FIRE (Financially Independent, Retired Early)https://www.outsideonline.com/culture/
Embrace Your Inner Dirtbag
Personal-finance guru Mr. Money Mustache breaks down how Outside readers can stop wasting hard-earned cash on expensive gear and trips and start putting it toward real freedom: the financial kind
It was 2011, and Pete Adeney was fed up. Not with his own life in Longmont, Colorado—that was going great. The former software engineer had retired six years before at the tender age of 30, thanks to the savings he’d accrued through the extremely frugal lifestyle he and his wife at the time had adhered to, as well as some smart investing. No, Adeney was frustrated by the conversations he kept having with friends and acquaintances who would say they wanted to leave the grind, too, but felt perpetually cash-strapped despite making decent salaries. As he tells it, “These comments were generally made over expensive pints of microbrew at a restaurant, or on Facebook between announcements regarding the purchase of brand-new dealer-financed Subarus, snowboarding trips, and road-biking equipment.”
So Adeney started a blog. Adopting the alias Mr. Money Mustache, he began dishing advice about how to live in a nontraditional, low-cost way to achieve what he calls “a frugal yet Badass life of leisure.” Over the next decade, the blog would be read by millions of people worldwide, and Adeney would become a leading voice in a movement referred to as FIRE—financial independence, retire early—which was then gaining traction among millennials in particular, who were learning these personal-finance tactics primarily through online resources.
Key to the FIRE approach is slashing expenses in order to generate savings that can then be invested, with the ultimate goal of retiring from full-time salaried work by your thirties or forties. But that mentality can often run counter to the expensive gear purchases and epic trips that seem core to the outdoor lifestyle. In an email interview, Adeney, now 46, shared his thoughts on how Outside readers can make better financial decisions and achieve the long-term freedom we all really want.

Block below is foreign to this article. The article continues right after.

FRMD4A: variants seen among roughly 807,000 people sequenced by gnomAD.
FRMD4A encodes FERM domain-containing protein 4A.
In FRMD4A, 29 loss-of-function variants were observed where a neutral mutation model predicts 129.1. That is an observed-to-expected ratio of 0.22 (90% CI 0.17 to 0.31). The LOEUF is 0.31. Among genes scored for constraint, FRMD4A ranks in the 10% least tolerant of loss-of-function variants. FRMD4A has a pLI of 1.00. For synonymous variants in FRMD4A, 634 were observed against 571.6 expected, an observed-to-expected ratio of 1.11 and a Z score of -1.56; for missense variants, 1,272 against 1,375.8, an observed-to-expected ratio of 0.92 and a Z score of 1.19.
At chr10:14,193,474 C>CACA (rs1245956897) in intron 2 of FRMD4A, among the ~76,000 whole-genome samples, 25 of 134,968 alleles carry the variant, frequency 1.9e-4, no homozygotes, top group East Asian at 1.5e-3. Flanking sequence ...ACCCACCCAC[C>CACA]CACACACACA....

Outside: It seems that a lot of us outdoorsy types are bad with money. Why do you think that is?
Adeney: It’s not just outdoorsy types, really, it’s almost everyone in our rich but spendy country.
I think it boils down to a few behaviors that are innate to us as a species—social and status cues, herd mentality, and some of our irrational decision-making tendencies, known as cognitive biases. When you start with these natural weaknesses, and then nurture them with lots of persuasive marketing, you end up with people who buy just a bit more than they can afford, year after year. We end up spending most of our lives in debt while considering it normal, which is pretty much the definition of being bad with money.
A quick example: About 85 percent of cars in the U.S. are bought with some form of financing. Cars depreciate, so the last thing you should ever do is spend all your money on one, let alone go even further and spend more than all your money. We do it because we see other people doing it—that’s the herd mentality at work.
Then we’re programmed with all sorts of excuses as to why we should do this: “I need an SUV to carry my two tiny children safely,” “I’m an outdoorsperson, so I need high ground clearance and four-wheel drive.” These justifications, which are actually pretty feeble from an engineering standpoint, are fed into our brains from that big marketing program.
We pay lots of money for little conveniences and luxuries, which may be a fine strategy for a multimillionaire. But if you have any other possible use for money, you should give it another thought.